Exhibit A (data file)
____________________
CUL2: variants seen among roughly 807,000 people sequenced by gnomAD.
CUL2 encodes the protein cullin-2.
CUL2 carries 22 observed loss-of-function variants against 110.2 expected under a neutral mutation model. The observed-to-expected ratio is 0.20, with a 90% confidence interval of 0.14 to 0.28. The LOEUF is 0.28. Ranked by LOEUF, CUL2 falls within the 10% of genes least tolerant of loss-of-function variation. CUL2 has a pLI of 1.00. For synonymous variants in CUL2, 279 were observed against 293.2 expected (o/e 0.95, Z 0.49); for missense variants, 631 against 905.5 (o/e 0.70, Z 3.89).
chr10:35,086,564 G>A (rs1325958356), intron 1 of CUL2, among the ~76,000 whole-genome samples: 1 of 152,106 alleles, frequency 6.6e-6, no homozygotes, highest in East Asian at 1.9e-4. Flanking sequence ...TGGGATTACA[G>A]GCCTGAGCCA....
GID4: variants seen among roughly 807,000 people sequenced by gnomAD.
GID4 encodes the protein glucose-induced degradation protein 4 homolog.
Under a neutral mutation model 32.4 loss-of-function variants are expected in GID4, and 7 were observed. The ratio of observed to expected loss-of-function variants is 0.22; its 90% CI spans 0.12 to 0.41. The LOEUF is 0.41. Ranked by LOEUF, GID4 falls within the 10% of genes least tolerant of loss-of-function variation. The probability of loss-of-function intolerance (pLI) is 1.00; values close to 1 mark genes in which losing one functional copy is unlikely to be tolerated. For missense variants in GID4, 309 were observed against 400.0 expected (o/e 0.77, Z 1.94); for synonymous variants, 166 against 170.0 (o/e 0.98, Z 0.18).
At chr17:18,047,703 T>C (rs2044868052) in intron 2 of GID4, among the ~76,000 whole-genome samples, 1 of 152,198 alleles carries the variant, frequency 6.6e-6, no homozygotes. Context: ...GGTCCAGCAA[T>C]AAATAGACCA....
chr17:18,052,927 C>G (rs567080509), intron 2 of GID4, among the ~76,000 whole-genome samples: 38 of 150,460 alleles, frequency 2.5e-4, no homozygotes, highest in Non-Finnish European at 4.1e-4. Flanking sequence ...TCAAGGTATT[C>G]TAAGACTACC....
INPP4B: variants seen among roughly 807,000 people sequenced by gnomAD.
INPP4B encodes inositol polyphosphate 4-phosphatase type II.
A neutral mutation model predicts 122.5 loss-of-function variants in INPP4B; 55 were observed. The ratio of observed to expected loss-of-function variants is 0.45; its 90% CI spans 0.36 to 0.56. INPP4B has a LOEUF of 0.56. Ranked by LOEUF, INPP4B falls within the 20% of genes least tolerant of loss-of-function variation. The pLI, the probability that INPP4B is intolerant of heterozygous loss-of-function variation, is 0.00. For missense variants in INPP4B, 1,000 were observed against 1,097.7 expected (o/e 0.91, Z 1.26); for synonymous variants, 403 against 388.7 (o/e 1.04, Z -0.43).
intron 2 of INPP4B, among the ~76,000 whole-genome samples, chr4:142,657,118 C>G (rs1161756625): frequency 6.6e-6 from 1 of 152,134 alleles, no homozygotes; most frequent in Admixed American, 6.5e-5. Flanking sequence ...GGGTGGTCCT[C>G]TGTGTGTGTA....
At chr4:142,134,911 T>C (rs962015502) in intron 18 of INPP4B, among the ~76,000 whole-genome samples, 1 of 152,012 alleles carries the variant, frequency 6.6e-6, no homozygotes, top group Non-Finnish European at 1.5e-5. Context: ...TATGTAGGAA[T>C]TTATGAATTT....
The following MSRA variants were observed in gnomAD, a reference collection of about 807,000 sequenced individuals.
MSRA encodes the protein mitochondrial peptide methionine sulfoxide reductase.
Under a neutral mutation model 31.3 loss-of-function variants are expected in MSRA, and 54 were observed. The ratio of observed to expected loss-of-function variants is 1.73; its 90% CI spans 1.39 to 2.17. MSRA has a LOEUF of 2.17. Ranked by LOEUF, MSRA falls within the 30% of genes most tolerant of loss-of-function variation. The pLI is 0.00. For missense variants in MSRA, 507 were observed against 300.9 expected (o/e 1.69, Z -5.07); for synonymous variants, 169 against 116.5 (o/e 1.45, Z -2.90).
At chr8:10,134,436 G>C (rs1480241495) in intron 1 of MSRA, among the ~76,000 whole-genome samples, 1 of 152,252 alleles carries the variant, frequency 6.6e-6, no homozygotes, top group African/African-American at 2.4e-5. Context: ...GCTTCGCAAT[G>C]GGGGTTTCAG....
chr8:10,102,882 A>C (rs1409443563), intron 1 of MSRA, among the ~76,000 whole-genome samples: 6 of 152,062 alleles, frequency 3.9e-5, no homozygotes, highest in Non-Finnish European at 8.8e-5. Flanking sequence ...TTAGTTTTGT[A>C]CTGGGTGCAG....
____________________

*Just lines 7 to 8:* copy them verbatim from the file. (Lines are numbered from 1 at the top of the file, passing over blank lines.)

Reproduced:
Under a neutral mutation model 32.4 loss-of-function variants are expected in GID4, and 7 were observed. The ratio of observed to expected loss-of-function variants is 0.22; its 90% CI spans 0.12 to 0.41. The LOEUF is 0.41. Ranked by LOEUF, GID4 falls within the 10% of genes least tolerant of loss-of-function variation. The probability of loss-of-function intolerance (pLI) is 1.00; values close to 1 mark genes in which losing one functional copy is unlikely to be tolerated. For missense variants in GID4, 309 were observed against 400.0 expected (o/e 0.77, Z 1.94); for synonymous variants, 166 against 170.0 (o/e 0.98, Z 0.18).
At chr17:18,047,703 T>C (rs2044868052) in intron 2 of GID4, among the ~76,000 whole-genome samples, 1 of 152,198 alleles carries the variant, frequency 6.6e-6, no homozygotes. Context: ...GGTCCAGCAA[T>C]AAATAGACCA....